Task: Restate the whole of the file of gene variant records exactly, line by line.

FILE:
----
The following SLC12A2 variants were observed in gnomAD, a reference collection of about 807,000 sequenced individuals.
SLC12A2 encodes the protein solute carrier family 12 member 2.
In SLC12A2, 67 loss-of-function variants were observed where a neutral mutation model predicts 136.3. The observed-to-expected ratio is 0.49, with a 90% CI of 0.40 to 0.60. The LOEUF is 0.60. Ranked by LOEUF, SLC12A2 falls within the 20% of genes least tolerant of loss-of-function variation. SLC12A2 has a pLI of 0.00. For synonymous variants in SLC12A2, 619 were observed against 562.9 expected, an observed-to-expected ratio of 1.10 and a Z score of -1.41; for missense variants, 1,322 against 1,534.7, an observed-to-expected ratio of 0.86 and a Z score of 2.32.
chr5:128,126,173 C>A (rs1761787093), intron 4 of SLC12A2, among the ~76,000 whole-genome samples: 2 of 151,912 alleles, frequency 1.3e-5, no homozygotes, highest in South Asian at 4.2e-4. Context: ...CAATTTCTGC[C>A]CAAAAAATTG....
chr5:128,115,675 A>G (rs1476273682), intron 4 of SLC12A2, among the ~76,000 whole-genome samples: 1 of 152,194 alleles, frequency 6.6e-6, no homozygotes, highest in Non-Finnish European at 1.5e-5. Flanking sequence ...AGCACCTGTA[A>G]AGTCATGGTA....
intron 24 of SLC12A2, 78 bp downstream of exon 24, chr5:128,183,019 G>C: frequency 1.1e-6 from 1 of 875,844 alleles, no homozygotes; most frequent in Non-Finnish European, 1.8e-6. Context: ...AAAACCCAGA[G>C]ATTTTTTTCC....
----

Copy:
The following SLC12A2 variants were observed in gnomAD, a reference collection of about 807,000 sequenced individuals.
SLC12A2 encodes the protein solute carrier family 12 member 2.
In SLC12A2, 67 loss-of-function variants were observed where a neutral mutation model predicts 136.3. The observed-to-expected ratio is 0.49, with a 90% CI of 0.40 to 0.60. The LOEUF is 0.60. Ranked by LOEUF, SLC12A2 falls within the 20% of genes least tolerant of loss-of-function variation. SLC12A2 has a pLI of 0.00. For synonymous variants in SLC12A2, 619 were observed against 562.9 expected, an observed-to-expected ratio of 1.10 and a Z score of -1.41; for missense variants, 1,322 against 1,534.7, an observed-to-expected ratio of 0.86 and a Z score of 2.32.
chr5:128,126,173 C>A (rs1761787093), intron 4 of SLC12A2, among the ~76,000 whole-genome samples: 2 of 151,912 alleles, frequency 1.3e-5, no homozygotes, highest in South Asian at 4.2e-4. Context: ...CAATTTCTGC[C>A]CAAAAAATTG....
chr5:128,115,675 A>G (rs1476273682), intron 4 of SLC12A2, among the ~76,000 whole-genome samples: 1 of 152,194 alleles, frequency 6.6e-6, no homozygotes, highest in Non-Finnish European at 1.5e-5. Flanking sequence ...AGCACCTGTA[A>G]AGTCATGGTA....
intron 24 of SLC12A2, 78 bp downstream of exon 24, chr5:128,183,019 G>C: frequency 1.1e-6 from 1 of 875,844 alleles, no homozygotes; most frequent in Non-Finnish European, 1.8e-6. Context: ...AAAACCCAGA[G>C]ATTTTTTTCC....